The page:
So figuring out where guns come from is tough, and it’s going to get tougher — not because of 3D-printed firearms, or any of the other sexy non-concerns that occupied the U.N. for the week, but because arms traffickers are getting smart about destroying identifying marks, either by deep grinding (in East Africa) or by welding (in Syria), which melts the metal beyond any hope of recovery. I hope it’s not U.S.-government-supplied guns that are getting the welding treatment: There’s no evidence it is.

But if you want to mark and trace your guns, you can. We’re going to continue to hear a lot of demands for technology and financial transfers (i.e., machines and money) to the developing world, supposedly so that they will be able to mark their guns. A lot of this aid will be wasted, because machines need maintenance and skilled operators, which the developing world doesn’t have: If they could work the machines reliably, they wouldn’t need the aid in the first place.

Marking machines, especially the ones that use lasers, are cool. But even in the U.S., most trace requests fail because of human error: If a cop mistakes a pistol for a revolver, the database isn’t going to work. There’s a lot of ill will at the U.N., but the larger reality is that most U.N. members are incapable. So, simple is better: a pen, a pad of paper, a hammer, and marking tools are all you need. Indeed, one of the moments I treasure from last week is listening to a U.S. expert imply, politely, to the Sudanese representative that Sudan is so primitive that it should give up on the machines and just get a hammer.

Unfortunately, that’s not going to stop Sudan from demanding the cool lasers. Aid is going to stay on the U.N. agenda, though, so far, donors have been skeptical: Voluntary assistance through the U.N. was about $4 million last year. More broadly, the existing U.N. programs on illicit trafficking and tracing aren’t terrible, so naturally the U.S. will be pressed to renegotiate them to make them worse.

The U.N. is going to continue to talk about the need to trace ammo, and to push for controls on shipments of arms to non-state actors (a loose term that would include American gun owners). There are also rumors that the U.N. Human Rights Council will assert that gun control is a human right, and that U.N. will lead an effort to standardize end-user certificates — which sounds harmless until you realize that it would likely mean tracking and disclosing the identities of U.S. firearm owners. And, even further away, you can hear muttering from gun-control NGOs about the need for governments to compensate victims of gun violence. Let’s call that what it is: reparations.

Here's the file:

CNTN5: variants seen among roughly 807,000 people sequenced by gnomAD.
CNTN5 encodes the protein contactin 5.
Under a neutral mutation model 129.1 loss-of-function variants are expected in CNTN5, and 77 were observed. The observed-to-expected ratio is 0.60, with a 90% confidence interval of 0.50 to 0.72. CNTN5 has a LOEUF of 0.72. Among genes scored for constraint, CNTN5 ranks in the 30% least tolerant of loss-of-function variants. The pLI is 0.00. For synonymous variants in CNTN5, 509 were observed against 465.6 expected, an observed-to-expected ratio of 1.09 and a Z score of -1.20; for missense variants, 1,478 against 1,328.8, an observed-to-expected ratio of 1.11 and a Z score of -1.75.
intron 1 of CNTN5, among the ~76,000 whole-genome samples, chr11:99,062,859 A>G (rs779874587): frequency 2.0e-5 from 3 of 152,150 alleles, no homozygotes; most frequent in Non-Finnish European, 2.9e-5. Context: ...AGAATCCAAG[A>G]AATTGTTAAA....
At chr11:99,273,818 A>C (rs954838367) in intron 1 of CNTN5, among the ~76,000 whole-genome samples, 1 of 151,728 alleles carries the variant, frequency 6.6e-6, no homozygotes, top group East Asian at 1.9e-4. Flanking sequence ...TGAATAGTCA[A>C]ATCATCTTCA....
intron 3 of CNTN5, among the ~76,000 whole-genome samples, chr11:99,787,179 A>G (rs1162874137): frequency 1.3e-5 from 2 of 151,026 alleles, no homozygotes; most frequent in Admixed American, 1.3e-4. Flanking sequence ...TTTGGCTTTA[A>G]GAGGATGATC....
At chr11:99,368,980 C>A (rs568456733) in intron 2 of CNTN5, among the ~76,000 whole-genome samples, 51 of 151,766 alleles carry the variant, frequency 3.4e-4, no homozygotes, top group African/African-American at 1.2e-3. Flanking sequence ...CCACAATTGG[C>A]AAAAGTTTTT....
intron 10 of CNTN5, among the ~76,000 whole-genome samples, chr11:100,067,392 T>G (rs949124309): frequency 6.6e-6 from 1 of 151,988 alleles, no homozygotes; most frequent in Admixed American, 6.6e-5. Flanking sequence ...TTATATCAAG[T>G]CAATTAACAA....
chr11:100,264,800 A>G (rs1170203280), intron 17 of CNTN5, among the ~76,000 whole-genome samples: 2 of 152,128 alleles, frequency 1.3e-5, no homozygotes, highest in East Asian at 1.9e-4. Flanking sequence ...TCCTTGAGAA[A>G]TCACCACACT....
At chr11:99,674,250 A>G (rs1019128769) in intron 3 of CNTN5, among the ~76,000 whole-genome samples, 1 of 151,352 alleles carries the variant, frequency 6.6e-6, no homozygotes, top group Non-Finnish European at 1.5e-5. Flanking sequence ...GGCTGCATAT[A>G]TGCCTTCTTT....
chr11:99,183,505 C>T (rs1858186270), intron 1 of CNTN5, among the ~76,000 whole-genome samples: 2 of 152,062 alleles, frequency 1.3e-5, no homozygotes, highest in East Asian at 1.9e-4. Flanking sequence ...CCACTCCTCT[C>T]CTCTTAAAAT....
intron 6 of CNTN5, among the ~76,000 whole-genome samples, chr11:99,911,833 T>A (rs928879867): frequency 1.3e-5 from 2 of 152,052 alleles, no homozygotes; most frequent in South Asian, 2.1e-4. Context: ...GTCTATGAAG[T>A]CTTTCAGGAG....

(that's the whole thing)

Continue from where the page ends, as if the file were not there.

What a farce. If the U.N.’s member nations were serious about making a dent in illicit arms trafficking, they could push to end the exemption that allows China, alone among the world’s nations, not to put serial numbers on its guns. They could start a program of digitizing the records from the former Eastern Bloc, to make tracing their surplus stocks easier. They could protect U.N. experts who publish information that China doesn’t like, instead of firing them. They could refuse to give any aid to nations that don’t fulfill the reporting commitments they have voluntarily made under the U.N.’s anti-trafficking programs.

But none of that is going to happen. Instead, the U.N. will keep on busying itself with non-issues such as modular firearms and 3D-printed guns, with magic-bullet solutions to those non-issues, with treaties and commitments that assiduously ignore that most U.N. member nations don’t want to or can’t live up to them, with blaming the U.S., and with pushing gun control. And the gun-control NGOs are going to be right there with them. The gun-trafficking agenda at the U.N. is proof that there’s no subject so serious that it can’t be dumbed down by unserious people.

Ted R. Bromund is a senior research fellow at the Heritage Foundation's Margaret Thatcher Center for Freedom.